“Moses saw an Egyptian strike a Hebrew, one of his kinsmen. He looked this way and that; and when he saw that no one was around, he killed the Egyptian and hid his body in the sand.“-Exodus 2:9-10
There are many complex psychological and environmental factors that transformed Moses into a person capable of committing cold-blooded murder.
First, although we aren’t given the exact age, we do know that in tribal societies, the average weaning age was up until around 6 or 7 years old.
From this, we can deduce that Moses was raised by his mother until he was about a little older than your average kindergarten student.
He was a fully developed child with a strong Hebrew identity who grew up under the loving care of his own family.
And then, all of a sudden, he was pried away from his own family and thrust into a life and environment that was directly opposite to the life he had known before.
The psychological impact must have been devastating.
I think a lot of us make the mistake and many movies also mistakenly portray the idea that Moses suddenly woke up one day and discovered he was a Hebrew.
Nothing could be further from the truth.
He always knew he was a Hebrew.
Also, keep in mind, that on a physical level, there are obvious visible racial differences between Hebrews and Egyptians.
They look completely different.
I can personally relate to Moses in some ways.
First, my parents had a nasty divorce when I was three years old and as a result, during my formative years, I was shuffled back and forth between living with my mom and my father’s new family after he remarried.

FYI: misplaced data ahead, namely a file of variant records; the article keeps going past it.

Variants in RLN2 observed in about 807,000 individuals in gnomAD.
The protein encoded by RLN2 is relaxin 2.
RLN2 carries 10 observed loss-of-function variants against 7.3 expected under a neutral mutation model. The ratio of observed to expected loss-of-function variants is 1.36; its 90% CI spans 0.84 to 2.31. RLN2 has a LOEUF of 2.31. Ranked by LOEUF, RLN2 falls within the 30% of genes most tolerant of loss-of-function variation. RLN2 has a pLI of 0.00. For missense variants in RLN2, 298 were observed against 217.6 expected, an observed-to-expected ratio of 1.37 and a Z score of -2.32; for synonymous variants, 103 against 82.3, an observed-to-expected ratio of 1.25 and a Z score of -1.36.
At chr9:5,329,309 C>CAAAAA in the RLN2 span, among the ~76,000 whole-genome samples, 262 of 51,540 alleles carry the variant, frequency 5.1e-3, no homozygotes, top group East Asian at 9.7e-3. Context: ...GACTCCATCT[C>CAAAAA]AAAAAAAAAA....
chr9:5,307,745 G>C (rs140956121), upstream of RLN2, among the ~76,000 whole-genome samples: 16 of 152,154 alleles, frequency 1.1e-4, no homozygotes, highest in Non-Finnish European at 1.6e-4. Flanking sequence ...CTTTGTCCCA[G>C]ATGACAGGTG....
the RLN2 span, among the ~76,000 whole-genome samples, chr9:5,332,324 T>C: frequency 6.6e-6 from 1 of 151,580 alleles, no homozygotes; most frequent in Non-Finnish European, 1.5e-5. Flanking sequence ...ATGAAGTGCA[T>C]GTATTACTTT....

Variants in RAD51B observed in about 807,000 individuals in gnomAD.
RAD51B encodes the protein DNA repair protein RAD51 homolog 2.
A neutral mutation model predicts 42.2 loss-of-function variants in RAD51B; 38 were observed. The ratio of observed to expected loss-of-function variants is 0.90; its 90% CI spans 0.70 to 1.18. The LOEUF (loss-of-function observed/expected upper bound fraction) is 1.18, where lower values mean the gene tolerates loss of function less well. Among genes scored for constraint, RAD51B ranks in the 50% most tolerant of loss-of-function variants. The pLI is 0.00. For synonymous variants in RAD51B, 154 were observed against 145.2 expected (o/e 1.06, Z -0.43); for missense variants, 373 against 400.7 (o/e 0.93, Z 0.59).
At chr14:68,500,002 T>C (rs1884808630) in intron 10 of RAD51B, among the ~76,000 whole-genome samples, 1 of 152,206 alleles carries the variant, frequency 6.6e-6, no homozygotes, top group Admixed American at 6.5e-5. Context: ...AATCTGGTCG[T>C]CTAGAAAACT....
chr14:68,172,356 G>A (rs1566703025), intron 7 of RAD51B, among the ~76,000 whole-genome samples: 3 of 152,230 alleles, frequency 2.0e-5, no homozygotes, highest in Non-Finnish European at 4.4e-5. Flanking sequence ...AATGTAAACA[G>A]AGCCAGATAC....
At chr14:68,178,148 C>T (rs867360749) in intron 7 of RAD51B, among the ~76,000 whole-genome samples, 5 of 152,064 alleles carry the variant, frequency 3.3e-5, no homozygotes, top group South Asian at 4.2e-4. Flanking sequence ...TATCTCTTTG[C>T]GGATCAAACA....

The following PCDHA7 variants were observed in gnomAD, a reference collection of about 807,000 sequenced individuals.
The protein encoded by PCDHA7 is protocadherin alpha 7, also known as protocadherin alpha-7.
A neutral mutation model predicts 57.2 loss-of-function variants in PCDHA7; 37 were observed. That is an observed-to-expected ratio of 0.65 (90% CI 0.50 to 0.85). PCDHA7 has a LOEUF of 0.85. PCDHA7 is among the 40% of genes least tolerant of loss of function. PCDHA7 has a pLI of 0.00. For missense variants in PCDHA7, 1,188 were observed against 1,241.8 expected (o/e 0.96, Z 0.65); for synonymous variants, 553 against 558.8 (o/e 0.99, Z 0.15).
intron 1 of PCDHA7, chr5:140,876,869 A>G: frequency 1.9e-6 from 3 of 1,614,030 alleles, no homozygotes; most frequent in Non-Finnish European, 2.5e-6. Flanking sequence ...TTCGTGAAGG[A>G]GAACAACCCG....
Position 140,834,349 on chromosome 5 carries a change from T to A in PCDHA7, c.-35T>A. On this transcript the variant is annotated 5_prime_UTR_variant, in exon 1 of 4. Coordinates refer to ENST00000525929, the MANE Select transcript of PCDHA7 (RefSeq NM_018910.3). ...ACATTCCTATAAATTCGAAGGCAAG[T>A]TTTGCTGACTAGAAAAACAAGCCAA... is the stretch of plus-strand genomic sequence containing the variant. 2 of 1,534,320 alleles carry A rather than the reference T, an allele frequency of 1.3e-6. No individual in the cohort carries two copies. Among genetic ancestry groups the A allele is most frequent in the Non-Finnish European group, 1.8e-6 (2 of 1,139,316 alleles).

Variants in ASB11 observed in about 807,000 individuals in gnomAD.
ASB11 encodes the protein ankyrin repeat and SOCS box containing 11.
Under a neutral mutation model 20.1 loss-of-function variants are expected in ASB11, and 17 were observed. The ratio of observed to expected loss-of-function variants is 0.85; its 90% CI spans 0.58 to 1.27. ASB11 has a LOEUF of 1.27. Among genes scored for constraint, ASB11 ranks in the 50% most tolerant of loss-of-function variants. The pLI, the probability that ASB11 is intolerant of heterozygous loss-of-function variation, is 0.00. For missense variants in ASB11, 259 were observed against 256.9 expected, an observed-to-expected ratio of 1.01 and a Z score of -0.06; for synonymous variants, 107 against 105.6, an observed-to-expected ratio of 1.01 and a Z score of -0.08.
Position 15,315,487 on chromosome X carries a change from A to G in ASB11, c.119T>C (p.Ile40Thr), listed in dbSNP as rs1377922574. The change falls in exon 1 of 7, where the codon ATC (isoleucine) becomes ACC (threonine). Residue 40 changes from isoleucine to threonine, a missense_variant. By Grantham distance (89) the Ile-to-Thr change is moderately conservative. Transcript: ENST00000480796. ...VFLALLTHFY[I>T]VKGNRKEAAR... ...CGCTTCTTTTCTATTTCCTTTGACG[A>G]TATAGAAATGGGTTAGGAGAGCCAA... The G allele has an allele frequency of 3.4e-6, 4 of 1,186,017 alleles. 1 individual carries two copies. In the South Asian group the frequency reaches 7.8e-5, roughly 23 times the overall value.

I never really felt completely at home with my father’s new family.
I always knew that I was a “foreigner” so to speak and this feeling of separation became even more pronounced once my step-brothers and step-sister arrived on the scene.
I’ll never forget coming across an article a couple of years ago on the net containing my father’s family profile.
I think it was in a local piece reporting on one of the extramural soccer games my youngest stepbrother had participated in as one of the leading players.
I remember feeling proud that he had received a noteworthy mention but then when I looked at the family profile that was included, my name wasn’t there.
The article stated that my father had three children and only the names of my two step-brothers and step-sister were listed.
I had been erased.
I was like “dang!“, I have no family history.
(Oh well, I’m now part of God’s family, so SAYONARA baby!)
Second, on a racial level, I’m half-Asian (I look more Asian than Caucasian) but grew up in lily white Minnesota.
As a result of this, I went through an intense period of wanting to be white and harboring a serious inferiority complex that seriously affected both my confidence and self-esteem.
So there was a period of time when I was an emotional wreck and struggled with all kinds of addiction and relational problems that still affect me to this day.
So I can strongly relate to the many internal struggles that Moses no doubt had to grapple with in his formative years.
It must have been particularly difficult for Moses because he didn’t fit in either camp.
Although Moses lived a life of royalty and was given the very best that Egypt had to offer which would have included the best education, the finest military training and the highest quality food and drink, he wasn’t fooling anybody.
The Egyptians knew he wasn’t one of them and he knew he wasn’t one of them.
On the other side, the general Hebrew population although aware he was one of them didn’t accept him either.
As far as the Israelite population was concerned, regardless of Moses’ blood origins, he was now a despised Egyptian.
He had joined the enemy ranks.
Moses felt rejected by both his Hebrew brothers and the Egyptians.
He felt trapped and frustrated with nowhere to go.
All of this would come to a head and he would finally strike out in an act of violence that would change his life forever.